Mathieu van der Poel says he wouldn’t have made any changes to how he raced Milan – San Remo 2021, forced into fifth place in the reduced bunch sprint as Jasper Stuyven held off the group of favourites to win his first-ever Monument.
“I don’t think I made a mistake anywhere. I had to make choices,” Van der Poel said after the finish, Stuyven having stolen a march on the group, flying off the front with 2km to go and leaving the Dutchman and his rivals to look at each other, hesitating before picking up the chase.
With the likes of Caleb Ewan (Lotto-Soudal), Julian Alaphilippe (Deceuninck – Quick-Step) and Wout van Aert (Jumbo-Visma) also amongst this final, star-studded selection, all were reticent to pick up the chase and burn their matches with the final sprint fast approaching.
It looked like they had timed their gamble well, however, as Stuyven quickly came into view in the finishing straight, but the Trek-Segafredo man’s sprint was fast enough to keep them at bay.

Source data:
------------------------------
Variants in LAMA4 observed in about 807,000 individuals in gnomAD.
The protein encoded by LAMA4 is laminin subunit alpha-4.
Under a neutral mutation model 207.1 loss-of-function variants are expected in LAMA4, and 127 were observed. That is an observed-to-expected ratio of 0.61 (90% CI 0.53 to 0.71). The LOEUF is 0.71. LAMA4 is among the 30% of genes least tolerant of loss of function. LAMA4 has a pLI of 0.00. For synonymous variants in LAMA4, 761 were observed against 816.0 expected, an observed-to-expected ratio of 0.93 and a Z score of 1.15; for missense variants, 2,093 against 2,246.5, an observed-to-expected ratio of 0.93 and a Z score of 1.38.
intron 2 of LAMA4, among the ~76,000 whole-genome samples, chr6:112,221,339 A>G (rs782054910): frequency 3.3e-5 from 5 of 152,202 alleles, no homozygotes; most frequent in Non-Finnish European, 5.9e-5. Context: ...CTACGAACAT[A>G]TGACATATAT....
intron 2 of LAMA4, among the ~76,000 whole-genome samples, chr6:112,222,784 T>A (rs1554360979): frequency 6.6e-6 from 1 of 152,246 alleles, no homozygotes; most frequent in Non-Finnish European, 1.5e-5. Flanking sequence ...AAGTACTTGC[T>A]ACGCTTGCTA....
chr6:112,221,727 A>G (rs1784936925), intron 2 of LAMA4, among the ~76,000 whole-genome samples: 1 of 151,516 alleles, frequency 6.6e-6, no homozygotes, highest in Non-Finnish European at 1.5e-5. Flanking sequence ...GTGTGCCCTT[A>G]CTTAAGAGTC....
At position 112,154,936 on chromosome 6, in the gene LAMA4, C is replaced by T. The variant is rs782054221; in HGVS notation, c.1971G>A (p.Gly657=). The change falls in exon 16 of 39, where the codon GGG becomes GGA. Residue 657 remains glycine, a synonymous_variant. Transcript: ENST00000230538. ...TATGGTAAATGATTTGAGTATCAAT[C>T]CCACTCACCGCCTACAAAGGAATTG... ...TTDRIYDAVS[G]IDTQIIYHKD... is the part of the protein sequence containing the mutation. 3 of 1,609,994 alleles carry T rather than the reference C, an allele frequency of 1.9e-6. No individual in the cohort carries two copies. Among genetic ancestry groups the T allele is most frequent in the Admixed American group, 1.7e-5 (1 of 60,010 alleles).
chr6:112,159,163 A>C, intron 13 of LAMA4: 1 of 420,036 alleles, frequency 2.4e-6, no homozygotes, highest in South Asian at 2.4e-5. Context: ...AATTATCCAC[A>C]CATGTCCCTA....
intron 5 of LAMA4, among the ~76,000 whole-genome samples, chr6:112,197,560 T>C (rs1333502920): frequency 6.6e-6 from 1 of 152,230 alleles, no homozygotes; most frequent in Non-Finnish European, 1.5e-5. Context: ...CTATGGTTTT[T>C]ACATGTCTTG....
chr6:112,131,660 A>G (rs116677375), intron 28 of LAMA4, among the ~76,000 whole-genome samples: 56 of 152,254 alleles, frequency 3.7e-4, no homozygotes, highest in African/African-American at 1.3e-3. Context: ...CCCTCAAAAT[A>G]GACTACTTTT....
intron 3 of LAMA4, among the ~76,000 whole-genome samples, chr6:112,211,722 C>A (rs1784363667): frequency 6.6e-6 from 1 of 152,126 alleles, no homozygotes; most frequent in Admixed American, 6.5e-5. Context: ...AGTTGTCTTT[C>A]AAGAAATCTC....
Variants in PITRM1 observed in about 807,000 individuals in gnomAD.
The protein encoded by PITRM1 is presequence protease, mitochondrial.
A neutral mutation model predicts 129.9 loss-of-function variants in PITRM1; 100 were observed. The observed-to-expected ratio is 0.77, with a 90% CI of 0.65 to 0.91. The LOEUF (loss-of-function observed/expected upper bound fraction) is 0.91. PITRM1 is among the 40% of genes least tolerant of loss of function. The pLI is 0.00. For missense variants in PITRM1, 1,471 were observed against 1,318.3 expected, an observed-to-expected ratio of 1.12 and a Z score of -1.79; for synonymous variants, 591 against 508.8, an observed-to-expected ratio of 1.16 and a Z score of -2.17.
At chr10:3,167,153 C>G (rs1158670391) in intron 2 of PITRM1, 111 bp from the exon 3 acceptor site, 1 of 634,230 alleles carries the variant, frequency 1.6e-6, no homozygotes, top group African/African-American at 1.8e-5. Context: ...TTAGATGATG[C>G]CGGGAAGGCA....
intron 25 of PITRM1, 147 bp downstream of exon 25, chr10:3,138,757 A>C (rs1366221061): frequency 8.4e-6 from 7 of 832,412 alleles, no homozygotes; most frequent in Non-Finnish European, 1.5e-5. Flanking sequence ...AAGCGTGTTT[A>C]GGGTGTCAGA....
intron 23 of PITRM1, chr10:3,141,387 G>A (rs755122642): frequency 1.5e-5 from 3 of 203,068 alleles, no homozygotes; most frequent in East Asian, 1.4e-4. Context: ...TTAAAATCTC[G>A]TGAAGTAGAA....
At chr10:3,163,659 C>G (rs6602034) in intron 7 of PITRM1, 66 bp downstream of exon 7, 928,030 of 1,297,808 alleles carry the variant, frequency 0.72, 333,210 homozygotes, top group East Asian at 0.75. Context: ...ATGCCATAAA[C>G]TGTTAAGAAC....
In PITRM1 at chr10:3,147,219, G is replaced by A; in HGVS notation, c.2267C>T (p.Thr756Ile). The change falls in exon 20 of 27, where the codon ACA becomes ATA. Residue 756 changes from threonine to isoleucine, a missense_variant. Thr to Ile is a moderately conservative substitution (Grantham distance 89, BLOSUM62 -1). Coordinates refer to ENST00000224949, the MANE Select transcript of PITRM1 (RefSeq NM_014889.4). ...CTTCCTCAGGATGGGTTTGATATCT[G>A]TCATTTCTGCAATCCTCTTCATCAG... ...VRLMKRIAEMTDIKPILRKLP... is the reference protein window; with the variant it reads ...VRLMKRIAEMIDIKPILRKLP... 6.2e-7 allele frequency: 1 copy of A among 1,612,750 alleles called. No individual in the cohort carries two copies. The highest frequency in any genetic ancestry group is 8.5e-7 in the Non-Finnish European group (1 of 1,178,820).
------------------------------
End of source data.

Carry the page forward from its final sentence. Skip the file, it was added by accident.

“I hoped to get on the wheel with a long sprint,” Van der Poel explained, “but then a few more men came over me. I was really on my limit.”
Maybe Van der Poel was slightly spent after his exploits at Tirreno-Adriatico last week, but the fast pace on the Poggio had also neutralised attacks, including one from world champion Julian Alaphilippe that only served to leave the best in the world in contention.
“When the [whittling down] took place, I was at the front. But the pace was too fast to stay away and the group was still too big. That is why it was of no use to me to accelerate even more. We had already passed the most difficult part by then,” Van der Poel said.
“It was a real gamble in the end, but I still think the strongest won. If you can maintain that pace in that phase of the race, you are the deserved winner.”
It’s easy to forget this is only Van der Poel’s second appearance at Milan – San Remo, and only the sixth Monument he’s lined up for in his career so far. With each passing edition comes more experience, and Van der Poel has La Classicissima firmly marked on his card.
He seemed to have fun over the 300km, though, at one point in the final 25km being spotted squirting water onto Sam Bennett’s disc brakes at the back of the front group, a picture of relaxation before the hectic finale.
“I would like to win Milan-San Remo. I still have a number of years, but today we see again that it is not the easiest classic to win.”